Blazes will be set in forest

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Incendiary devices dropped from helicopters will be used in a series of controlled fires next week on federal lands in McCormick County, S.C., controlled by the Army Corps of Engineers and the U.S. Forest Service.

A total of 2,850 acres will be involved in the prescribed burning operation that will begin as early as Monday, depending on weather conditions, according to a synopsis provided by corps spokeswoman Jeanne Hodge.

The area includes 1,734 acres of corps land at Thurmond Lake and 1,093 acres within Sumter National Forest.

The helicopters will drop approximately 12,000 ping-pong-sized balls that ignite when landing on the forest floor. Forest Service personnel on the ground will ensure the fire is contained in the targeted area between McEntire Road at Goose Creek Farm and Leroy's Ferry Drive at Leroy's Ferry Campground.

"Prescribed fire, or a controlled burn, is an important tool used by the Corps and the Forest Service to manage the natural ecosystem and ensure the woodlands' health," said corps District Forester Ean Jones.

The joint project marks the first time the two agencies have partnered on a prescribed fire in this area because of steep gullies and rough terrain. Thanks to the partnership, several miles of fireline will not be needed, which is beneficial for the land and much safer for the firefighters.

"This burn benefits the forest by reducing accumulated natural fuels building up on the lands, thereby reducing the fire hazard to surrounding property owners and to resources on these Federal lands," Mr. Jones said. "By using the Thurmond reservoir as the southwestern end of the burn, we can more easily control the direction and coverage of the fire."

The Forest Service and corps routinely conduct prescribed fires when weather conditions are most likely to reduce the risk of escaped fire and smoky conditions. Mr. Jones said motorists or residents near the burn might see smoke columns or experience reduced visibility in low-lying areas.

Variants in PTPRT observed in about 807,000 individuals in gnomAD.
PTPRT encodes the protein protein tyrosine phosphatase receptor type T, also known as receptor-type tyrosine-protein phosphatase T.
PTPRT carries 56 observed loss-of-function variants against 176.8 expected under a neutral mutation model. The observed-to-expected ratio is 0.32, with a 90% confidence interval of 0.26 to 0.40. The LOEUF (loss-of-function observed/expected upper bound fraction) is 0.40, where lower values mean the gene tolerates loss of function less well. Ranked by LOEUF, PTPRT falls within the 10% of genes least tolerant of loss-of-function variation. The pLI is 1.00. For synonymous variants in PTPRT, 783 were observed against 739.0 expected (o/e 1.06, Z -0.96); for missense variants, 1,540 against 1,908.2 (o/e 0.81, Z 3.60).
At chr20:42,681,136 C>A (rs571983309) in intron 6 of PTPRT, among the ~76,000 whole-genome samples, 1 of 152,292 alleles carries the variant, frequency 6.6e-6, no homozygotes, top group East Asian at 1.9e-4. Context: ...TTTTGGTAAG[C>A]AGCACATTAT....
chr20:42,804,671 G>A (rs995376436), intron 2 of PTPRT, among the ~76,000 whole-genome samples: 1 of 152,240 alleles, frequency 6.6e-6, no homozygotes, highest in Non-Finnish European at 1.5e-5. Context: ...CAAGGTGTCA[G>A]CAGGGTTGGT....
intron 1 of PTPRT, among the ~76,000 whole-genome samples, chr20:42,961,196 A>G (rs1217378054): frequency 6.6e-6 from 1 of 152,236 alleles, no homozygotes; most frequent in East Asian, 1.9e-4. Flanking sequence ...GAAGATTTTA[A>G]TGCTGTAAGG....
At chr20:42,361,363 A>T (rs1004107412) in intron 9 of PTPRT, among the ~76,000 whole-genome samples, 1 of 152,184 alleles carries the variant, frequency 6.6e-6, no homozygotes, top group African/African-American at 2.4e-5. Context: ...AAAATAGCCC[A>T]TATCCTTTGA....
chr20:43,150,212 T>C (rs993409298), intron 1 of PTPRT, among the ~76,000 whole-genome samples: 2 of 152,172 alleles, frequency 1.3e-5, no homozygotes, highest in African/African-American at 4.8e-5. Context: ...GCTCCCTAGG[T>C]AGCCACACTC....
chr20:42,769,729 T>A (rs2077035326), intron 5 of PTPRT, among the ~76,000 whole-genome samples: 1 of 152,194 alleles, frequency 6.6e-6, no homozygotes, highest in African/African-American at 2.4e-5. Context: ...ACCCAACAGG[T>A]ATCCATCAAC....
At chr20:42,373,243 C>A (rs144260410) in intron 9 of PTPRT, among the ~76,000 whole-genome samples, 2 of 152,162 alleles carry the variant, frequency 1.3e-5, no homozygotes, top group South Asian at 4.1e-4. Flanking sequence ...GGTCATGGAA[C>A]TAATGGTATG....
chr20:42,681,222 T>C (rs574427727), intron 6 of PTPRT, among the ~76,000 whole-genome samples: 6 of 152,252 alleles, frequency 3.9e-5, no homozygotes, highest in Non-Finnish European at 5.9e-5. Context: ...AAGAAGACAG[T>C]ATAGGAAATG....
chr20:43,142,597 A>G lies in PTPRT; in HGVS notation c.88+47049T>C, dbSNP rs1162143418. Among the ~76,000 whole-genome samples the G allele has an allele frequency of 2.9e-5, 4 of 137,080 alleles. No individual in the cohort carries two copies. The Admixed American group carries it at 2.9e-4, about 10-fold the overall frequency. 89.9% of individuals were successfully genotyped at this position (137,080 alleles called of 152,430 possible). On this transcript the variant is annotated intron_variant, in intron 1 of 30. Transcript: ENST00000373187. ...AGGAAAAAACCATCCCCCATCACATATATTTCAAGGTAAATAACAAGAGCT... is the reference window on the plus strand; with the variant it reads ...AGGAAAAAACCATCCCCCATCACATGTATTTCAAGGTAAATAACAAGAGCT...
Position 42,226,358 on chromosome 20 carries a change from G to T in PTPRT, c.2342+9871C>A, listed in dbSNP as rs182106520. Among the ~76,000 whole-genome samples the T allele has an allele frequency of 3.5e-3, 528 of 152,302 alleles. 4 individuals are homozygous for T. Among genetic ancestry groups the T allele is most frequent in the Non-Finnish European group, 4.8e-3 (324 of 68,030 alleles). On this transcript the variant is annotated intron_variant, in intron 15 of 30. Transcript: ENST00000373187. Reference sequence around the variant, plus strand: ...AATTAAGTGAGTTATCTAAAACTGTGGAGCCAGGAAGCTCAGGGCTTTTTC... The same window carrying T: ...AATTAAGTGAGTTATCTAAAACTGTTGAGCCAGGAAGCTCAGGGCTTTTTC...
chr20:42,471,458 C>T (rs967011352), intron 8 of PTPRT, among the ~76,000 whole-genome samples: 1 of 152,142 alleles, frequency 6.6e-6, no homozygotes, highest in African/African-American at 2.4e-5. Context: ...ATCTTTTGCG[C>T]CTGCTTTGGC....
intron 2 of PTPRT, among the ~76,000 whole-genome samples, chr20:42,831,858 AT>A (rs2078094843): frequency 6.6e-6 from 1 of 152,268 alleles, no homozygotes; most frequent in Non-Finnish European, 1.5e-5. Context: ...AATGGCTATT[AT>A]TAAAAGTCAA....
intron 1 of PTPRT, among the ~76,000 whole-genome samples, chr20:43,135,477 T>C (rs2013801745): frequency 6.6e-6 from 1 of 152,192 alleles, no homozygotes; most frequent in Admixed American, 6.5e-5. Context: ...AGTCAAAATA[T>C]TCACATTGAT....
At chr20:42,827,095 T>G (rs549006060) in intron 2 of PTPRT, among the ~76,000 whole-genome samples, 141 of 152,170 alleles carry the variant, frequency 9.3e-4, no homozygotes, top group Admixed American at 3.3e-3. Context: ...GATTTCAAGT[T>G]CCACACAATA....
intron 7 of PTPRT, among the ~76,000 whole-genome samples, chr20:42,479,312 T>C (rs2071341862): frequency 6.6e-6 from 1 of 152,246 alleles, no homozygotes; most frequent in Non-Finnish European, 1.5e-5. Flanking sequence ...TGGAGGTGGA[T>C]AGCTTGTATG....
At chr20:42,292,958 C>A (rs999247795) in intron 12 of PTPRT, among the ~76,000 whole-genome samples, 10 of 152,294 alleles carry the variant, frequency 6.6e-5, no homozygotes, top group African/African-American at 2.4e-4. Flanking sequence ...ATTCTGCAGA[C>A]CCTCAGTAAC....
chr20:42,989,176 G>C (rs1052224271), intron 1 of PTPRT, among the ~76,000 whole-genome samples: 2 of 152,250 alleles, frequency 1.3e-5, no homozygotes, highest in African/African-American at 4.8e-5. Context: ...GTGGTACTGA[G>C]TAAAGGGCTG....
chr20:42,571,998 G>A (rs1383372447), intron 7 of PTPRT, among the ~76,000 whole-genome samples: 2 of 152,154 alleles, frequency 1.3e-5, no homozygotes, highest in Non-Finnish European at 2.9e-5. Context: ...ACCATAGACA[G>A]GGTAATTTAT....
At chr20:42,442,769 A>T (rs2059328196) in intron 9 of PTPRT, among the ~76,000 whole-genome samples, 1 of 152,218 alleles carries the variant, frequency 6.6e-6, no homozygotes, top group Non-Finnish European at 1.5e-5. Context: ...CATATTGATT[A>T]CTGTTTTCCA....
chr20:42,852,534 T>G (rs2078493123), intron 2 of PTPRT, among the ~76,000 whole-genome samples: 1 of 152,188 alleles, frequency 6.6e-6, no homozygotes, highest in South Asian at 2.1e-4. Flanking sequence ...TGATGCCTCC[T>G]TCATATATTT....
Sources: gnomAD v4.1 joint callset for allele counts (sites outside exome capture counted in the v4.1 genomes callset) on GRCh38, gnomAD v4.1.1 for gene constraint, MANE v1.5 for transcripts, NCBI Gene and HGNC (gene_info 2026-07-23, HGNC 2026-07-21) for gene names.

For more information, contact Mr. Jones at (864) 333-1114 or toll free at (800) 533-3478, or call William Crolly, with the U.S. Forest Service, at (803) 561-4000.

Reach Rob Pavey at (706) 868-1222 or rob.pavey@augustachronicle.com

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robyn240
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robyn240 03/22/09 - 09:18 am
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what about all of the animals

what about all of the animals that live in the forest?!!

Bacon Grease
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Bacon Grease 03/22/09 - 10:08 am
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Bambicue anyone?

Bambicue anyone?

scorehouse
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scorehouse 03/22/09 - 01:33 pm
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they will move to the other
Unpublished

they will move to the other part of the forest. this burn will provide sunlight to the forest floor so fresh vegetation can grow which provides food and cover for the smaller animals on the food chain. without sunlight reaching the ground, these forests become pine tree farms.

pizzato
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pizzato 03/22/09 - 02:55 pm
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If the corp of engineers has

If the corp of engineers has anything to do with it you can plan on problems. They can't deal with water in the lake let alone fire I guess they have no supervision so the forest service has to get involved to make sure they don't mess this up to. Then again the camping sucks, the boating sucks, why not just burn it all down and start over with a clean slate. Perhaps this will not be another failure but it sounds too much like that episode of WKRP when they dropped turkeys out of a helicopter.

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